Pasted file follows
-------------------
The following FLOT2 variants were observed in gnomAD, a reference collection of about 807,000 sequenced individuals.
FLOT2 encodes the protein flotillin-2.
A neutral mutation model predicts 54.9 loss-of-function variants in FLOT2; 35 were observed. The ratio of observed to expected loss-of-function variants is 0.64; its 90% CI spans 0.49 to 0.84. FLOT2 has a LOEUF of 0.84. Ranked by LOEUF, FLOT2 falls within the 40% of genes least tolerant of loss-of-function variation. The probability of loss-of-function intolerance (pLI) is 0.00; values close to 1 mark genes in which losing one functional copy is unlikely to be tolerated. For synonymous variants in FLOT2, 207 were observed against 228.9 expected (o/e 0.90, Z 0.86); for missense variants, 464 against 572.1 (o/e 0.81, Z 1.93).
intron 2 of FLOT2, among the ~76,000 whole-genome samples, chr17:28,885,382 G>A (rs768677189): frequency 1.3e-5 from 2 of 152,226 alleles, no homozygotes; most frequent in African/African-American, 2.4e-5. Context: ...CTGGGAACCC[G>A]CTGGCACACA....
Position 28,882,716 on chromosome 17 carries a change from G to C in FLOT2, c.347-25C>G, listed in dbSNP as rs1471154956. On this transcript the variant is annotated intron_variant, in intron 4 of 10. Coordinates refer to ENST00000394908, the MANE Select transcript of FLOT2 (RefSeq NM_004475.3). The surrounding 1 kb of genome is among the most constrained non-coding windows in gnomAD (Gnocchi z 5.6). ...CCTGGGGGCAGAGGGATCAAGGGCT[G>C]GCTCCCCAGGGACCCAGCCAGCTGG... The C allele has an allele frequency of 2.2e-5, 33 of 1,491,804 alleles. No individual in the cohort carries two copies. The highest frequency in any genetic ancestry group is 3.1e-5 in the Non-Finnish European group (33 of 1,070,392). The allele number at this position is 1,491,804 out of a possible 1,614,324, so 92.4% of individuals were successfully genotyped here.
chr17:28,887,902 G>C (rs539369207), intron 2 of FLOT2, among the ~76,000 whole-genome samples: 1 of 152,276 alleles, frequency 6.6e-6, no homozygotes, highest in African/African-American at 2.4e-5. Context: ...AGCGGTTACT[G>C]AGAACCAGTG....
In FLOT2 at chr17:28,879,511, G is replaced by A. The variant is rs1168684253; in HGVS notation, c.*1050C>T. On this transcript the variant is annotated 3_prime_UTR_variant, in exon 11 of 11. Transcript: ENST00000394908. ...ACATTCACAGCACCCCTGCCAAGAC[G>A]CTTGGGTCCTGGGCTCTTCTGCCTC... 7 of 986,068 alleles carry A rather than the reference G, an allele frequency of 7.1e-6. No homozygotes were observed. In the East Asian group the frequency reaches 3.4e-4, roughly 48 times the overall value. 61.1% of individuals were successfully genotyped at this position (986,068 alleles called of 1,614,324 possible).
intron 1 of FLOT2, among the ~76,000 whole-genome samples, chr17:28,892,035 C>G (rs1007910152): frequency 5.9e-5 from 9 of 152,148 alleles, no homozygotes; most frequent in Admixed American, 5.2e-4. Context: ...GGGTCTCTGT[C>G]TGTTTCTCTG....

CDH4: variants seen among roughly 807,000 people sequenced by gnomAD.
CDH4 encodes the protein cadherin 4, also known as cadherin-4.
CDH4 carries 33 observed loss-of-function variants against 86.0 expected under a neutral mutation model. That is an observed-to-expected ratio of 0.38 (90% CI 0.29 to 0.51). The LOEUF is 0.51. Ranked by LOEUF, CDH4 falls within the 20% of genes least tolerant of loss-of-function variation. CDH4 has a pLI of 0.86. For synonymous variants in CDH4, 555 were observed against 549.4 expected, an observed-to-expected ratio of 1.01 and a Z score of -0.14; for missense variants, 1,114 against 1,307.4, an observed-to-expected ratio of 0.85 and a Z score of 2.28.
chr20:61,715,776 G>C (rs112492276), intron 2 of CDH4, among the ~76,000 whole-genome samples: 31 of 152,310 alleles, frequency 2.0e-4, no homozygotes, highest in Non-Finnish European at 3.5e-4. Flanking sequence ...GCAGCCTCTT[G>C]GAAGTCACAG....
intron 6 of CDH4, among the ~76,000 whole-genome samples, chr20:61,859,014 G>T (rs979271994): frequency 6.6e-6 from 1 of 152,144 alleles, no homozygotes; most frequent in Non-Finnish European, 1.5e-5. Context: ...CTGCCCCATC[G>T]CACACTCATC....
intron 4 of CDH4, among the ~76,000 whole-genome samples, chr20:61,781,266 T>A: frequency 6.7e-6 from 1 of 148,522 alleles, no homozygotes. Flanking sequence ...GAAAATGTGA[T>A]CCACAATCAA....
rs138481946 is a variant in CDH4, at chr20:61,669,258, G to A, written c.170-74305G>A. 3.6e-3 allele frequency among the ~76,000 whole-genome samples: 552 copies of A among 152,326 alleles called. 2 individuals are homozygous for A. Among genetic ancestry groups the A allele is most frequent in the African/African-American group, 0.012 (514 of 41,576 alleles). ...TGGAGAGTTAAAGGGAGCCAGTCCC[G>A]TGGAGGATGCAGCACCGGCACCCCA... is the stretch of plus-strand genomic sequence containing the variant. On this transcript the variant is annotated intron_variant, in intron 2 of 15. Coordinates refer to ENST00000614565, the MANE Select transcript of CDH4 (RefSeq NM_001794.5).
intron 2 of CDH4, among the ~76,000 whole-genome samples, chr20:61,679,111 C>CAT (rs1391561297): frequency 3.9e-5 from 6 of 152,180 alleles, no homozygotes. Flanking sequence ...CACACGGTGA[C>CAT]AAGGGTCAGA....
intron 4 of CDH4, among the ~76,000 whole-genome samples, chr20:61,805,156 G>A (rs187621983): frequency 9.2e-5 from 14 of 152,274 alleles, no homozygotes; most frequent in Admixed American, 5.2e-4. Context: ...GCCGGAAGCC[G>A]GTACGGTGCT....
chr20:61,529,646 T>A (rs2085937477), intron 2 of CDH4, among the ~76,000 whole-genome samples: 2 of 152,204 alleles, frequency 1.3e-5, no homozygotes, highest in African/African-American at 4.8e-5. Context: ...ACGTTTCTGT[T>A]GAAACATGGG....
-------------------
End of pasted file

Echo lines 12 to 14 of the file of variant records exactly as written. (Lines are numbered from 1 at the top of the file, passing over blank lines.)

chr20:61,715,776 G>C (rs112492276), intron 2 of CDH4, among the ~76,000 whole-genome samples: 31 of 152,310 alleles, frequency 2.0e-4, no homozygotes, highest in Non-Finnish European at 3.5e-4. Flanking sequence ...GCAGCCTCTT[G>C]GAAGTCACAG....
intron 6 of CDH4, among the ~76,000 whole-genome samples, chr20:61,859,014 G>T (rs979271994): frequency 6.6e-6 from 1 of 152,144 alleles, no homozygotes; most frequent in Non-Finnish European, 1.5e-5. Context: ...CTGCCCCATC[G>T]CACACTCATC....
intron 4 of CDH4, among the ~76,000 whole-genome samples, chr20:61,781,266 T>A: frequency 6.7e-6 from 1 of 148,522 alleles, no homozygotes. Flanking sequence ...GAAAATGTGA[T>A]CCACAATCAA....